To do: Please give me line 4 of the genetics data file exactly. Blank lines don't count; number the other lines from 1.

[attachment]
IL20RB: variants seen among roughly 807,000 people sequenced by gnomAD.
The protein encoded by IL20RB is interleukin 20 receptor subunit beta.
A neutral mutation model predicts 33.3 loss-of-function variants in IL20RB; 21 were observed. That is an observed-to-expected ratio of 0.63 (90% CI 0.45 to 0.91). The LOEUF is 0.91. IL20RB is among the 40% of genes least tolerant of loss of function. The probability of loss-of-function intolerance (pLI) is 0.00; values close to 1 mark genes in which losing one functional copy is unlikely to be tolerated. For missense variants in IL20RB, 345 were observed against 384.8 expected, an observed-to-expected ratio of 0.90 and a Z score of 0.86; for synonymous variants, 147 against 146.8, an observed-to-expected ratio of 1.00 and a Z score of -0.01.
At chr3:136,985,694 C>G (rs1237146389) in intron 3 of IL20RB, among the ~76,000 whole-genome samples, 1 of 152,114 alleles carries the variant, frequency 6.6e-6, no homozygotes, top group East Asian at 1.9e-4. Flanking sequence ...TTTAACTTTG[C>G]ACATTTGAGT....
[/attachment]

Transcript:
At chr3:136,985,694 C>G (rs1237146389) in intron 3 of IL20RB, among the ~76,000 whole-genome samples, 1 of 152,114 alleles carries the variant, frequency 6.6e-6, no homozygotes, top group East Asian at 1.9e-4. Flanking sequence ...TTTAACTTTG[C>G]ACATTTGAGT....